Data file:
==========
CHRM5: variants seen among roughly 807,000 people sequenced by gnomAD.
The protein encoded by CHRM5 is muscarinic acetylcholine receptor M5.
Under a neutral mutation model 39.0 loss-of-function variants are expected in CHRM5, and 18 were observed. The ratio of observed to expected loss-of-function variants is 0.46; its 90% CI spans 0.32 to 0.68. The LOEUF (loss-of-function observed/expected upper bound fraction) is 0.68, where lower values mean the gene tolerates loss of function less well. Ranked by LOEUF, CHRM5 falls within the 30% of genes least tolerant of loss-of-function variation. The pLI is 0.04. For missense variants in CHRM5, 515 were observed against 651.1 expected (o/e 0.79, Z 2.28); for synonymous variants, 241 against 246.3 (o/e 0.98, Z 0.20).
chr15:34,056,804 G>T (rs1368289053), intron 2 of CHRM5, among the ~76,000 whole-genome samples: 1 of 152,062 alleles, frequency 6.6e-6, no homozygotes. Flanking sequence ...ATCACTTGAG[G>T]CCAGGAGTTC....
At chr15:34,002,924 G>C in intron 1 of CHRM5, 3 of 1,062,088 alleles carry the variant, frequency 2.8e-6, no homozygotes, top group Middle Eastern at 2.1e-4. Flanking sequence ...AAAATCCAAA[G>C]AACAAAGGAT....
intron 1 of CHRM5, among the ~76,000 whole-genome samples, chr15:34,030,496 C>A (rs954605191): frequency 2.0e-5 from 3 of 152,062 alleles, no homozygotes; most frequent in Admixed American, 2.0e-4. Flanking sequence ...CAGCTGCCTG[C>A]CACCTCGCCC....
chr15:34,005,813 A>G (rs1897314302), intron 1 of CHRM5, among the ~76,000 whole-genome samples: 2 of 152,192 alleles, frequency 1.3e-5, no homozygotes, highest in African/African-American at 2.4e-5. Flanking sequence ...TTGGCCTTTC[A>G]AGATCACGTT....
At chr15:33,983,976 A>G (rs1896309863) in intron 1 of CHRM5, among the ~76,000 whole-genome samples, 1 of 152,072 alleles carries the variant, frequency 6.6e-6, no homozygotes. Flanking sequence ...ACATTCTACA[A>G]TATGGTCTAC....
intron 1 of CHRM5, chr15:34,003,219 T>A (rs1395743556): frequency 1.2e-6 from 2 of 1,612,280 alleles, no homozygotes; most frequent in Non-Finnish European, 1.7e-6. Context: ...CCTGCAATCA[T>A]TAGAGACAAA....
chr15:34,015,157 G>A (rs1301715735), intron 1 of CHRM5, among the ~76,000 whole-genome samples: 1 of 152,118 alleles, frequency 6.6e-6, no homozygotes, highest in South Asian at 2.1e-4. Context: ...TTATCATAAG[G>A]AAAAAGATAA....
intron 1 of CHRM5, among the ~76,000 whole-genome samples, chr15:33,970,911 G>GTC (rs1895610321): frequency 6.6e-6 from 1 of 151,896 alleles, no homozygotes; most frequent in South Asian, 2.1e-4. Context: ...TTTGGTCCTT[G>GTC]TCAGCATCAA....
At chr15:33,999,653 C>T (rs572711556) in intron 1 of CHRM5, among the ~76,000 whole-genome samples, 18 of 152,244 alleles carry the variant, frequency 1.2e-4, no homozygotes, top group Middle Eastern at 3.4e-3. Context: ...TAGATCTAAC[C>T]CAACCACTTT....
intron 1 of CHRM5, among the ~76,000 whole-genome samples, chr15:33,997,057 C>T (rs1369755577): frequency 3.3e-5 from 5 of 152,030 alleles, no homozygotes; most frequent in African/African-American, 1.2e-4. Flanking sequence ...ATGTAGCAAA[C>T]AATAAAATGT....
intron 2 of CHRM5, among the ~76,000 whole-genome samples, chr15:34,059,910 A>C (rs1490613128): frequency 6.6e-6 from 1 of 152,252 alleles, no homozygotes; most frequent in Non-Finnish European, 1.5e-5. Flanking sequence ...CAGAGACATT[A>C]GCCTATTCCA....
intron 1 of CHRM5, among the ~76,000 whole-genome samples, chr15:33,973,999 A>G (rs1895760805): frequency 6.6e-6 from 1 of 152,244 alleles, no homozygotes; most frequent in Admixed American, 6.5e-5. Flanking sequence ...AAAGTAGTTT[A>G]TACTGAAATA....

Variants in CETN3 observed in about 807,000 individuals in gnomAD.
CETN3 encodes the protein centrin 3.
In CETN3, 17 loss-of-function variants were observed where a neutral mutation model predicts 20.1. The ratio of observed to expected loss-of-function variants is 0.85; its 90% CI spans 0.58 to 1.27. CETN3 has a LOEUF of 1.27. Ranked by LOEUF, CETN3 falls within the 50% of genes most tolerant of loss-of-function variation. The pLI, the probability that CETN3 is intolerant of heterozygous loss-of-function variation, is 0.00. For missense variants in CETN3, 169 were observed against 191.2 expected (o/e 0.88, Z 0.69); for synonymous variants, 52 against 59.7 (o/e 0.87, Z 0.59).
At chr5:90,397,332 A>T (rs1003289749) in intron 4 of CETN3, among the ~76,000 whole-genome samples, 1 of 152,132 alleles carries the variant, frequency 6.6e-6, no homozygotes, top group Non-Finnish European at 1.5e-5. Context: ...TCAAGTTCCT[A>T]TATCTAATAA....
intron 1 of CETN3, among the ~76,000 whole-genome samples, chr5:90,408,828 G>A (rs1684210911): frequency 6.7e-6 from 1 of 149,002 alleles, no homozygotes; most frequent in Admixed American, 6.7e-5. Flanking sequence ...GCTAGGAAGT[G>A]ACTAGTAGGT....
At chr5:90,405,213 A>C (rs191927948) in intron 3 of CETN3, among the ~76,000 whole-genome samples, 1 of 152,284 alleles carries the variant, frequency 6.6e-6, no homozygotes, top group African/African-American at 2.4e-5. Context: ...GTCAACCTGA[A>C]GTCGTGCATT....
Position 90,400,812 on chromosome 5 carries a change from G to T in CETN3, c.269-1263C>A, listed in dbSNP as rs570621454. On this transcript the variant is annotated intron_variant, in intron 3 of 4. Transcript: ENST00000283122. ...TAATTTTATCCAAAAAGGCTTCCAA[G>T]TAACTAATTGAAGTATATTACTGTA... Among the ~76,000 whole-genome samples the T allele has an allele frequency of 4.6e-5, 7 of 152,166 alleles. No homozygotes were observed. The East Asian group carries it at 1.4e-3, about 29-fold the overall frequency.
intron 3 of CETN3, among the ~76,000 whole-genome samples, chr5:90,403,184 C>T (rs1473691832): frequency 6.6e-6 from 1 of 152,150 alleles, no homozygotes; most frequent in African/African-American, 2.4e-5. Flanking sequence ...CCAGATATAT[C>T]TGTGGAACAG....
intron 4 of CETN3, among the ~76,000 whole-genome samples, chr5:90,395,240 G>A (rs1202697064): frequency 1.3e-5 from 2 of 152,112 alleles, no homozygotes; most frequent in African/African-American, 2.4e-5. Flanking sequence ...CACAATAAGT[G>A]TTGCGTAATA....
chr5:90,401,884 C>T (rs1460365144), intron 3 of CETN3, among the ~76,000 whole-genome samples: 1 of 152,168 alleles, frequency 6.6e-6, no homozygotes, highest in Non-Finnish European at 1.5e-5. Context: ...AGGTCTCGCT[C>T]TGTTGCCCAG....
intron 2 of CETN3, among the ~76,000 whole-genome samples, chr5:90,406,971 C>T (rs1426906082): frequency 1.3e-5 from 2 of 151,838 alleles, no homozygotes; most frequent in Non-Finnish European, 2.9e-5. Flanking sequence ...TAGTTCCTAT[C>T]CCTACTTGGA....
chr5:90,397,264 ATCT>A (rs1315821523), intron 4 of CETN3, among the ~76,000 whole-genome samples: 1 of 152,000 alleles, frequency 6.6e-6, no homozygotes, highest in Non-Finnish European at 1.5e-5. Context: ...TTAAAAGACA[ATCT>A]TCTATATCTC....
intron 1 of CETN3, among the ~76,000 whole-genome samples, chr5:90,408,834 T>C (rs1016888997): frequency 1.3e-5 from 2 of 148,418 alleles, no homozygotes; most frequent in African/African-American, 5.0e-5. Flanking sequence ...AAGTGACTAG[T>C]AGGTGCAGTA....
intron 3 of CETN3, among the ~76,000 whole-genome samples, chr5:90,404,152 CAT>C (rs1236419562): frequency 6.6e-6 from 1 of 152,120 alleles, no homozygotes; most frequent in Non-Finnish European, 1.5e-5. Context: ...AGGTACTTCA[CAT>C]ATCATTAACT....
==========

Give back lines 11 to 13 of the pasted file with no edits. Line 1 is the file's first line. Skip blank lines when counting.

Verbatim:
intron 1 of CHRM5, among the ~76,000 whole-genome samples, chr15:33,970,911 G>GTC (rs1895610321): frequency 6.6e-6 from 1 of 151,896 alleles, no homozygotes; most frequent in South Asian, 2.1e-4. Context: ...TTTGGTCCTT[G>GTC]TCAGCATCAA....
At chr15:33,999,653 C>T (rs572711556) in intron 1 of CHRM5, among the ~76,000 whole-genome samples, 18 of 152,244 alleles carry the variant, frequency 1.2e-4, no homozygotes, top group Middle Eastern at 3.4e-3. Context: ...TAGATCTAAC[C>T]CAACCACTTT....
intron 1 of CHRM5, among the ~76,000 whole-genome samples, chr15:33,997,057 C>T (rs1369755577): frequency 3.3e-5 from 5 of 152,030 alleles, no homozygotes; most frequent in African/African-American, 1.2e-4. Flanking sequence ...ATGTAGCAAA[C>T]AATAAAATGT....